The Age, which covers the Afghan conflict better than anyone in Australia says the security situation has been ‘doctored’ in a recent report on the conflict.

“despite improvements, security is fragile, the Taliban resilient and the Afghan army’s performance patchy at best” ( the Age, 8th April)

But then you must ask when do you leave? What is the end game in Afghanistan? Was the re- entering of Australia in Afghanistan after previous exit ‘because of improved situation on the ground worth it if there is still much to secure peace?

Indeed as Wilkie has eloquently postulated, this was another Vietnam and after foreign intervention, the livelihoods of the Afghans would largely be little better than when they were there before.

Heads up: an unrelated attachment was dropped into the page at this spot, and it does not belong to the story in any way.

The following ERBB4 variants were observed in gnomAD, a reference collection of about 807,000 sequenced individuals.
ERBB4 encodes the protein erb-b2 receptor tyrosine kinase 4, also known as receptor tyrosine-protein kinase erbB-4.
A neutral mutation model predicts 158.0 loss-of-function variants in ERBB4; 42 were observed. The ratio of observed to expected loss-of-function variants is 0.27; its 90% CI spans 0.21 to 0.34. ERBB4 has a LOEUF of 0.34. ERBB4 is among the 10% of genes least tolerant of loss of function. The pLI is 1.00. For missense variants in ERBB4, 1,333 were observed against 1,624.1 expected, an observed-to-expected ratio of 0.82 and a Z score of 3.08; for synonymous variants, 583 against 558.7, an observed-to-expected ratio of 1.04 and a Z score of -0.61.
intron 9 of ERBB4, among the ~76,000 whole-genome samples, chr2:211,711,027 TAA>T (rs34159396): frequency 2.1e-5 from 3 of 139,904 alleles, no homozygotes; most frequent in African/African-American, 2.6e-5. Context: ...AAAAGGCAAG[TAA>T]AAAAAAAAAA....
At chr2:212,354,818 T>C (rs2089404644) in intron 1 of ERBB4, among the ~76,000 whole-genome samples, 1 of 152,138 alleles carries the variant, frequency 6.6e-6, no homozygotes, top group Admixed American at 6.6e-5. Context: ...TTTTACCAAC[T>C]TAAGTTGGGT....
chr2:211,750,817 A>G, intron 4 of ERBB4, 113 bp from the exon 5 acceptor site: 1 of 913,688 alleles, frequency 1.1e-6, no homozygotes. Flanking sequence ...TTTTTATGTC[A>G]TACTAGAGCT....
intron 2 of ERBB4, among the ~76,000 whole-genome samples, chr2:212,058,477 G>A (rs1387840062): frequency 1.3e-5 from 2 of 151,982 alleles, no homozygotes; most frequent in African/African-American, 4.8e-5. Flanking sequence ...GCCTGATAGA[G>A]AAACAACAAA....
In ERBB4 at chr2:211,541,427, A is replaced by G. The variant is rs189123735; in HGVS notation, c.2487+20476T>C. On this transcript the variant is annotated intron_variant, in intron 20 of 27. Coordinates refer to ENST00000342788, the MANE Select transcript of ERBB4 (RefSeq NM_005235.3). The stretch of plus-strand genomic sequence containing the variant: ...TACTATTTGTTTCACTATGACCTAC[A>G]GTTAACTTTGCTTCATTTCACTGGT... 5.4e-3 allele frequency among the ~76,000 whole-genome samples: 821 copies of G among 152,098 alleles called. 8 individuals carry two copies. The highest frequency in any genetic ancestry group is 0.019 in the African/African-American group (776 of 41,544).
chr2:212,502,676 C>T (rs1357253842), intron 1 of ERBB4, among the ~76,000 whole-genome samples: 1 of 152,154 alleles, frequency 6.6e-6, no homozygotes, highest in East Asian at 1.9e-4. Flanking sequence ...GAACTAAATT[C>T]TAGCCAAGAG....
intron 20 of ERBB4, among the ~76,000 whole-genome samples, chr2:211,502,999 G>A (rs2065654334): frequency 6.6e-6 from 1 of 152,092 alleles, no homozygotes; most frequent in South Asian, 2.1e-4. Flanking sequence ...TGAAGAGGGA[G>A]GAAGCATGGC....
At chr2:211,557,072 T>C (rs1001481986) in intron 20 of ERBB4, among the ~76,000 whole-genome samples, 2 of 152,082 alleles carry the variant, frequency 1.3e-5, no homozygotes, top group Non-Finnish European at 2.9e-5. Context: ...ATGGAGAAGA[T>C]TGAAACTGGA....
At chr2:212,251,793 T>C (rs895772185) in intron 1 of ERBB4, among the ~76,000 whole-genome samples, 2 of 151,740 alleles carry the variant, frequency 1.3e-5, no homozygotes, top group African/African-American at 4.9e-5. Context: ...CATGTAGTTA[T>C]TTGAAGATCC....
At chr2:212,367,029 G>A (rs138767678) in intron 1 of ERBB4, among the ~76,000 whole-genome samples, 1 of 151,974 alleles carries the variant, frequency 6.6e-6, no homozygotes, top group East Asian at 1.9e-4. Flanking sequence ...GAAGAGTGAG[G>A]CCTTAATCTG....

But then you have also he destruction of trust with US and other allied forces contributing to the misery of the drug warlords and Taliban. In the future the same conversations and diplomacy will be harder to achieve as the troops on the ground have killed many innocent family members with no tangible increase in security in Afghanistan or other parts of the world.

There is no good guys in Afghanistan, just a whole lot of misery. Celebrate our troops coming home, but also spare a thought for the Afghan people who have yet to see this supposed intervention delivering anything tangible in return for foreign occupation.

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View from the West – Not even a slipper of attention

Posted by cegan on April 26, 2012